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Publication Detail
Hidden Voices: Graduates’ Perspectives on the Student Loan System in England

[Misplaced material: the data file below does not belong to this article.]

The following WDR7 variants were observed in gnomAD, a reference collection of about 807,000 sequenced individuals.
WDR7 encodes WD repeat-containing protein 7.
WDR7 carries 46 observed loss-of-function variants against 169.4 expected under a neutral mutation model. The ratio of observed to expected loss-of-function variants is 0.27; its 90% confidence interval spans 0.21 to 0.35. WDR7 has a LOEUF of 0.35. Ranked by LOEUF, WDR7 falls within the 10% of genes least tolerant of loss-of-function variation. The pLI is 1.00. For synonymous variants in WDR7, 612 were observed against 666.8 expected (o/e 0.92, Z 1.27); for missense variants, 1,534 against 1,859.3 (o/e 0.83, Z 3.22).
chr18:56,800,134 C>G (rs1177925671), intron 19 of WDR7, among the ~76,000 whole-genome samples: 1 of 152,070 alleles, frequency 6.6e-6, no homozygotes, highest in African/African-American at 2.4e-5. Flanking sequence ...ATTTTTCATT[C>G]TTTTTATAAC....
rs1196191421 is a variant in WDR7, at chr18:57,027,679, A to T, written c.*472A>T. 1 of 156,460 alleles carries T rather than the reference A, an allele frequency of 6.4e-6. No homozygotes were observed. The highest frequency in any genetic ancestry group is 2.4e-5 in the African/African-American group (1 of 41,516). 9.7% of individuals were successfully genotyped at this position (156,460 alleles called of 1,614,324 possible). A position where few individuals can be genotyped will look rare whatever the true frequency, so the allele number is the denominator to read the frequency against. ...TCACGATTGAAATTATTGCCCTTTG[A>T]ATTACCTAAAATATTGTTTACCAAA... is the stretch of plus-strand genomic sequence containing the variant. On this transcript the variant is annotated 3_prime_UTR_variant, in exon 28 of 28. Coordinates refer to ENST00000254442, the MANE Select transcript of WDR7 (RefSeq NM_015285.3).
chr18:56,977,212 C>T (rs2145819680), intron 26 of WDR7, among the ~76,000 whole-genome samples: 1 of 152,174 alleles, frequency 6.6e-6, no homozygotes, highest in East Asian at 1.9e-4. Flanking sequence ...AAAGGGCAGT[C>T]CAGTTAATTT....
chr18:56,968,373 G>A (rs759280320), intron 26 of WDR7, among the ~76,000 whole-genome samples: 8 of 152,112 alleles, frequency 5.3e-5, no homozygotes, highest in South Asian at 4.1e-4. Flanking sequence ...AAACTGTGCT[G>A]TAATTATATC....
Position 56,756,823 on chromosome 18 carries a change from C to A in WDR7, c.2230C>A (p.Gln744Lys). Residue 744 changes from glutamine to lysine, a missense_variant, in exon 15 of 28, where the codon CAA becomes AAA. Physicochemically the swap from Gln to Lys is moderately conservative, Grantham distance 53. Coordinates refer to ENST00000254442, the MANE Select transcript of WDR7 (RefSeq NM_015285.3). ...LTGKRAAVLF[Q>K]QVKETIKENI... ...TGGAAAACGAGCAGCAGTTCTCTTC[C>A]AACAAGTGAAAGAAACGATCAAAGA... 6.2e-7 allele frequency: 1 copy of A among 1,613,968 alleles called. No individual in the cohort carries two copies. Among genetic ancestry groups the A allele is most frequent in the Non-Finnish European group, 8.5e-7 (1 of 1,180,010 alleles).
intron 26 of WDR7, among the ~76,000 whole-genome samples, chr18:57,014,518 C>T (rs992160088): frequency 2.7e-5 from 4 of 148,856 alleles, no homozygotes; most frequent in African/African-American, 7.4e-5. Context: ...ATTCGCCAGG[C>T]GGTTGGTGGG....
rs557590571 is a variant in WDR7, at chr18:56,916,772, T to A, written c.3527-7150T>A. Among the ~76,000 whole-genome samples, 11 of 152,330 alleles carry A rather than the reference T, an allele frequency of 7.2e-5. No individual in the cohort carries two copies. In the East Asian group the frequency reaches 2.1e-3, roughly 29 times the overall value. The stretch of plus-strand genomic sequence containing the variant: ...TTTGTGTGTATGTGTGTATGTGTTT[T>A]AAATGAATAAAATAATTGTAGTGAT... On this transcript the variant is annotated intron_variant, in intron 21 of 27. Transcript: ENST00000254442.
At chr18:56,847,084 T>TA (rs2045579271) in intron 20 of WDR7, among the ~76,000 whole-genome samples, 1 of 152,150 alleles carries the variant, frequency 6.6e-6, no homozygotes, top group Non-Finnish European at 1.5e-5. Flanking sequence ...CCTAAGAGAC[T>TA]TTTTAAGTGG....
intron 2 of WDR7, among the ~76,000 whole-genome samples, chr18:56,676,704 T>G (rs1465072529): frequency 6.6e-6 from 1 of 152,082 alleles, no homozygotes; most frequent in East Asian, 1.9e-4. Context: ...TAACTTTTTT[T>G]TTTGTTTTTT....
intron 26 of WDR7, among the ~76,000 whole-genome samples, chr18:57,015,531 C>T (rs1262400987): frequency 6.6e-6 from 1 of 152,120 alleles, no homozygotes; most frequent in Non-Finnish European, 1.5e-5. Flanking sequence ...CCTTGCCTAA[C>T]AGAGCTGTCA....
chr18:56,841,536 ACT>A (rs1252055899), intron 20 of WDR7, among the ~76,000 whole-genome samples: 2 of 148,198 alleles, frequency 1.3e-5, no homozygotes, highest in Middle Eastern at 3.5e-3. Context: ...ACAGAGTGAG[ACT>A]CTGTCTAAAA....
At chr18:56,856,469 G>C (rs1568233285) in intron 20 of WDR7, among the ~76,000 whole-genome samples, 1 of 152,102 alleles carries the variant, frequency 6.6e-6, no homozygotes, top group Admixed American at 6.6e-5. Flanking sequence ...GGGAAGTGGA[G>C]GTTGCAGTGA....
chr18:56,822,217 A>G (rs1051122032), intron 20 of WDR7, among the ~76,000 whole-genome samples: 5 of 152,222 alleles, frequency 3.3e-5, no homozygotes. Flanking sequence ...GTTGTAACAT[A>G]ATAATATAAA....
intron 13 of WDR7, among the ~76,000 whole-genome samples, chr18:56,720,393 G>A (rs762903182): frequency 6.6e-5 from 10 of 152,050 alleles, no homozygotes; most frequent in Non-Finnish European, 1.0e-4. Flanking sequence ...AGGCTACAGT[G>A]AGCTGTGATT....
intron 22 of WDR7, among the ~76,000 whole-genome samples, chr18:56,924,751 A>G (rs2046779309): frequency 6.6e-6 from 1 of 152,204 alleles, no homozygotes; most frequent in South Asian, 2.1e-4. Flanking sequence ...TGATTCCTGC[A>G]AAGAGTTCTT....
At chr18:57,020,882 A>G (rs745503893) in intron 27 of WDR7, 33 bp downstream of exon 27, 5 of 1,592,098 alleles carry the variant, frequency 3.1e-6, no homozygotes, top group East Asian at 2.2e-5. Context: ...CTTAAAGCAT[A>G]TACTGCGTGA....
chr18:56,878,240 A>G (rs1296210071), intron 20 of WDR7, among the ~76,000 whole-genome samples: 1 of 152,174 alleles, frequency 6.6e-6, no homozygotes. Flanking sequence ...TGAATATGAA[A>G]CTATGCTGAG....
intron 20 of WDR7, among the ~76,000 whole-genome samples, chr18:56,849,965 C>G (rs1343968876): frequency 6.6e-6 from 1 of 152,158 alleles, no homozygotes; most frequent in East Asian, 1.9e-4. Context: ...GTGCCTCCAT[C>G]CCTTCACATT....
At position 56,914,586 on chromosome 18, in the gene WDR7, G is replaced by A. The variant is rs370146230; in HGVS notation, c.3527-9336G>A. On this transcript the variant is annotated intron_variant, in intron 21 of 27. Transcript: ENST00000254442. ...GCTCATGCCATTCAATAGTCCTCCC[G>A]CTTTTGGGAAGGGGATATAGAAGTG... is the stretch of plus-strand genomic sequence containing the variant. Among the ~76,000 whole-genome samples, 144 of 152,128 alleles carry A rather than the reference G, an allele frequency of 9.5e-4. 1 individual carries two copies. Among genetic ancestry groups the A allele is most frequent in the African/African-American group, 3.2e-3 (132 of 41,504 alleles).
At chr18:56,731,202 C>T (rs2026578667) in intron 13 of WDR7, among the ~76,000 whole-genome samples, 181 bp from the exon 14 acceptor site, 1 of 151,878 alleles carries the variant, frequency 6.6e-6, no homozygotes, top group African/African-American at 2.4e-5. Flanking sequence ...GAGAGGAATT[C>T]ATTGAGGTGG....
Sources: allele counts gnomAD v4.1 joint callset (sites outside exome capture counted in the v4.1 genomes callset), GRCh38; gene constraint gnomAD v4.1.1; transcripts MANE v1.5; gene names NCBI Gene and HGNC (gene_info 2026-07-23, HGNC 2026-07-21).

Since the 1990s England’s higher education funding system has been reformed many times, leading to a system predicated on high tuition fees and student loans. In 2021, there are once again debates about how to build a sustainable and fair funding system, while reducing public expenditure on higher education. Yet these debates are missing something essential: the voices of graduates. Graduates have distinctive and personal knowledge and understanding of the realities of repaying student loans and how the different features of the loan shape the burden of their student debt. This research is based on the thematic analysis of 98 in-depth semi-structured interviews with English graduates – 48 of whom were subject to the 2006 funding regime (cohort 1) and 50 to the 2012 regime (cohort 2). The results provide much needed insights into graduates’ perspectives of, and feelings about, the English student loan system and its different features. Graduates experience student loan debt as a burden, albeit to different degrees. In cohort 2 especially, it is a more pressing concern – something they think about a lot and that causes stress and anxiety. In both cohorts the sheer size of their debts weighs upon graduates’ minds while the repayments feel endless, and their outstanding debt seems ever-growing because of the accrued interest. For those in cohort 2 the psychological burden of debt is exacerbated by the knowledge they will likely never repay their debt. However, even among those who are able to push their debt to the back of their minds or appear indifferent to it, there are strong negative emotional responses when reminded of the scale of their debt.
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